Need Help?
¿Necesita Ayuda?
203.661.1911
News

Protecting Your Social, Emotional and Psychological Self During the COVID-19 Pandemic

March 31, 2020
airplane safety

By: Kimberly Lisack, LCSW
Kids In Crisis Clinical Director

I am afraid to fly. It is a true phobia that makes air travel completely emotionally exhausting for me. I am anxiety ridden for weeks leading up to my departure, uncharacteristically silent driving to the airport, desperate for reassurance waiting to board, and practically paralyzed with fear while in the air. Perhaps my fear of flying is related to not having control, or perhaps it is because I am not a pilot and therefore do not understand how a plane can actually fly.

There is a part of me that feels like I am on an airplane right now. We are flying through
thunderstorms, diverted to a different airport, and experiencing intermittent turbulence. The pilots are focused on flying the plane, they have little time to get on the intercom and assure us we will be alright, and the flight attendants have been instructed to sit down. Other passengers are nervous too. We look to each other for comfort, but it feels fleeting.

This plane will land, we may even be bruised and battered, but the plane will be on the ground eventually. So how do we take care of ourselves and each other on this extended turbulent flight? We may not be able to fly or land the plane ourselves, but thankfully, there are a number of things we can do to stay socially, emotionally, and psychologically grounded while we are ‘up in the air’.

First, remember social distancing is very different from socially isolating. Social Distancing is how we can help curb the spread of the virus. Socially isolating, however can potentially make us feel alone and hopeless. We need each other now, yet we are told to distance ourselves. The challenge is to find new ways to stay meaningfully connected. Of course, we will continue to text, as we have become a texting society, but more of my friends this past week have mentioned to me that hearing a loved one’s voice has been comforting in a surprising way. We can Skype, Facetime, email, and when done safely, we can, and should be walking, hiking, and talking to each other.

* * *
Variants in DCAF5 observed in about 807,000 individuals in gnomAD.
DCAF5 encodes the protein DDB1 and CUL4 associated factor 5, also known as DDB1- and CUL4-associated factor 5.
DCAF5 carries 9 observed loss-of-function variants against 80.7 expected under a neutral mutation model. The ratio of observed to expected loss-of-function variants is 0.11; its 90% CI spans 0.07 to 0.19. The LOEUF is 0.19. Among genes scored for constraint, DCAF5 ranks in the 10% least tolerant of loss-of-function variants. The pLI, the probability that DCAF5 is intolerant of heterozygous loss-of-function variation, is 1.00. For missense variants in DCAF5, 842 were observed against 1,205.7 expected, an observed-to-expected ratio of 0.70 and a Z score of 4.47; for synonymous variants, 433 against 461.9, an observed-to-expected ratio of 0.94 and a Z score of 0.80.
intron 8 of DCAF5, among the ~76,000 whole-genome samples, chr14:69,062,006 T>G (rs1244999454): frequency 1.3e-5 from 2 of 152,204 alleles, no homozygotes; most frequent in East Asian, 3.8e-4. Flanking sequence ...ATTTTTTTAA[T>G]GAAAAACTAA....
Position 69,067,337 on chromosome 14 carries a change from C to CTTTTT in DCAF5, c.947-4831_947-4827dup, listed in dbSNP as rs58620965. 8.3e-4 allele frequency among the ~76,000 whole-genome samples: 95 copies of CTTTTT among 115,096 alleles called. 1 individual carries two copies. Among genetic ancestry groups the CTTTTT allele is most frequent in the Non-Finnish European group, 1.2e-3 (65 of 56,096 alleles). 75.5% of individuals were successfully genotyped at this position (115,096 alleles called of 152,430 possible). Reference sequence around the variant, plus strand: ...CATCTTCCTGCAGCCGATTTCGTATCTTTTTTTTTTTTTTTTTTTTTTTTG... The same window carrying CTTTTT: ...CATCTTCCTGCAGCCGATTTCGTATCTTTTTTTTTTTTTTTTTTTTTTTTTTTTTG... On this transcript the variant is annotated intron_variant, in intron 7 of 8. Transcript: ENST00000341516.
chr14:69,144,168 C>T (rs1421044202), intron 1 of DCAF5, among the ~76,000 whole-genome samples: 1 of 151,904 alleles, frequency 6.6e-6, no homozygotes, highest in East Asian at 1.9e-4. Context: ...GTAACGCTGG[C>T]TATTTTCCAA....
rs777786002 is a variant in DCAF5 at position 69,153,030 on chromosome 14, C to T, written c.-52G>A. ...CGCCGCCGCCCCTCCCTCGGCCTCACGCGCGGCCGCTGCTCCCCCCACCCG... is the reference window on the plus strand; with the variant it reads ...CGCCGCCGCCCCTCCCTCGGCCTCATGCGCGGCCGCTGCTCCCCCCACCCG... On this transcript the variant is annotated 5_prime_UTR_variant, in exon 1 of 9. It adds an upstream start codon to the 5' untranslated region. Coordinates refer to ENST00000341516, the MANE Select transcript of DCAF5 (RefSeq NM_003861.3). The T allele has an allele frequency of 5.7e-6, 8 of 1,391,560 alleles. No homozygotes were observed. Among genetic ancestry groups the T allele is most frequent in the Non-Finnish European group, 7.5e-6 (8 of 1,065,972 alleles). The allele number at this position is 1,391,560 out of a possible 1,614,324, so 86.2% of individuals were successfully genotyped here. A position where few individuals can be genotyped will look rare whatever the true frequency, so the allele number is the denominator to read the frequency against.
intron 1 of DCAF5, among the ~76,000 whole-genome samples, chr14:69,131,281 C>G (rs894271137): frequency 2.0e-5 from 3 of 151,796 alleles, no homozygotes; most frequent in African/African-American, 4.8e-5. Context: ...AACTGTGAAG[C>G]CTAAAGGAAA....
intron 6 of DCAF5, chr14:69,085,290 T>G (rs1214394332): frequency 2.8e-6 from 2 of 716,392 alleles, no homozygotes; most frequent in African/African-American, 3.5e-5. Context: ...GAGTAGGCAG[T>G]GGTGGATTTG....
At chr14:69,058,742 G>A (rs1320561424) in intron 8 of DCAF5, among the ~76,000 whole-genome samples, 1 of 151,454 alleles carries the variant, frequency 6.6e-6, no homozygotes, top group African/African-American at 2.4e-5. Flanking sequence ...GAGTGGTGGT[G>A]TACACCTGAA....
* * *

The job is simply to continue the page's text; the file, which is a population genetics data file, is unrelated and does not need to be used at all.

The news is worrisome, and stressful. And it will likely continue to be that way for weeks to come. This is a marathon flight, not a sprint trip. Pace yourself, and resist channel surfing news networks. Stick to one or two trusted sources, perhaps your local news channel and one or two national networks. Limit the frequency and duration of news ingestion. Consider a morning and early evening “check in ” with a break throughout the day. And definitely try to refrain from watching the hour or two before going to sleep.

Many of us are working remotely, our work day lacks the external structure our offices, classrooms, and buildings, and co-workers used to give us. We are tasked with creating our own structure and this can be stressful. There are many articles on how to be productive while working from home, read them, you will probably get one or two useful tips.

I encourage you to practice self-care during this time. Remember to tend to your basic needs. Get outside, exercise, shower, monitor your sleep and eating patterns, and try not to disrupt your pre-COVID-19 support ; for example, if you have a therapist, request a weekly Skype or Facetime session. If you have children, partners, or elderly loved ones in your care, remember why we are instructed to put our oxygen masks on before helping the people who are dependent on us.

Spread the love
Sign up for our quarterly newsletter